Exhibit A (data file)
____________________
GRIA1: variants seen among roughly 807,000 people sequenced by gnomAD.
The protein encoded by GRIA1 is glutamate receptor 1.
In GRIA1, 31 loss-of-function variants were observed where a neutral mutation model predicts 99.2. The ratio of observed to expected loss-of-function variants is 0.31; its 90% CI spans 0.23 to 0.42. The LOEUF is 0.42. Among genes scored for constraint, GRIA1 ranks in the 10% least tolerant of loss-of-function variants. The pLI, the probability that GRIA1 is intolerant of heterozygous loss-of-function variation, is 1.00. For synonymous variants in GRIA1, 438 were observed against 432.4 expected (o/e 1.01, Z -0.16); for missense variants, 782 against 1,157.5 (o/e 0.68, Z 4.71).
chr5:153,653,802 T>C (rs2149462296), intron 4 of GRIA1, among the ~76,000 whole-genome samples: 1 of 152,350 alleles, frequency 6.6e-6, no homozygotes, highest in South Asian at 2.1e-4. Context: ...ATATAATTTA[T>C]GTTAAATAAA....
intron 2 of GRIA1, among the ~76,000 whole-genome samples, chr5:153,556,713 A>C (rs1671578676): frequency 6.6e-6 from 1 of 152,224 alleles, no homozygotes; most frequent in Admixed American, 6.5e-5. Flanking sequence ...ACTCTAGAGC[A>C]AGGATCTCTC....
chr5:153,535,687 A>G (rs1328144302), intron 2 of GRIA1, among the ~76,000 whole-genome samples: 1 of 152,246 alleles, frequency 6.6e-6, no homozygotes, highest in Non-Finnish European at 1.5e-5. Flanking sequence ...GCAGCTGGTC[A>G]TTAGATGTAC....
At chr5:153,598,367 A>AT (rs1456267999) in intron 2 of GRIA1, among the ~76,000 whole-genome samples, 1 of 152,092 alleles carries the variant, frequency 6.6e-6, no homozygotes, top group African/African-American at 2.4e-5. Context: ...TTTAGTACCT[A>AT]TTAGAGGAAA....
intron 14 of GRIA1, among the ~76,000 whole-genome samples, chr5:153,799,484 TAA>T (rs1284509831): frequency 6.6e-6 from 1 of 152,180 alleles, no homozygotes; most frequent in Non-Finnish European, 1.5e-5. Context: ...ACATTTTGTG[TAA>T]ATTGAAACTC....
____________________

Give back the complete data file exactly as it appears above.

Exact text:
GRIA1: variants seen among roughly 807,000 people sequenced by gnomAD.
The protein encoded by GRIA1 is glutamate receptor 1.
In GRIA1, 31 loss-of-function variants were observed where a neutral mutation model predicts 99.2. The ratio of observed to expected loss-of-function variants is 0.31; its 90% CI spans 0.23 to 0.42. The LOEUF is 0.42. Among genes scored for constraint, GRIA1 ranks in the 10% least tolerant of loss-of-function variants. The pLI, the probability that GRIA1 is intolerant of heterozygous loss-of-function variation, is 1.00. For synonymous variants in GRIA1, 438 were observed against 432.4 expected (o/e 1.01, Z -0.16); for missense variants, 782 against 1,157.5 (o/e 0.68, Z 4.71).
chr5:153,653,802 T>C (rs2149462296), intron 4 of GRIA1, among the ~76,000 whole-genome samples: 1 of 152,350 alleles, frequency 6.6e-6, no homozygotes, highest in South Asian at 2.1e-4. Context: ...ATATAATTTA[T>C]GTTAAATAAA....
intron 2 of GRIA1, among the ~76,000 whole-genome samples, chr5:153,556,713 A>C (rs1671578676): frequency 6.6e-6 from 1 of 152,224 alleles, no homozygotes; most frequent in Admixed American, 6.5e-5. Flanking sequence ...ACTCTAGAGC[A>C]AGGATCTCTC....
chr5:153,535,687 A>G (rs1328144302), intron 2 of GRIA1, among the ~76,000 whole-genome samples: 1 of 152,246 alleles, frequency 6.6e-6, no homozygotes, highest in Non-Finnish European at 1.5e-5. Flanking sequence ...GCAGCTGGTC[A>G]TTAGATGTAC....
At chr5:153,598,367 A>AT (rs1456267999) in intron 2 of GRIA1, among the ~76,000 whole-genome samples, 1 of 152,092 alleles carries the variant, frequency 6.6e-6, no homozygotes, top group African/African-American at 2.4e-5. Context: ...TTTAGTACCT[A>AT]TTAGAGGAAA....
intron 14 of GRIA1, among the ~76,000 whole-genome samples, chr5:153,799,484 TAA>T (rs1284509831): frequency 6.6e-6 from 1 of 152,180 alleles, no homozygotes; most frequent in Non-Finnish European, 1.5e-5. Context: ...ACATTTTGTG[TAA>T]ATTGAAACTC....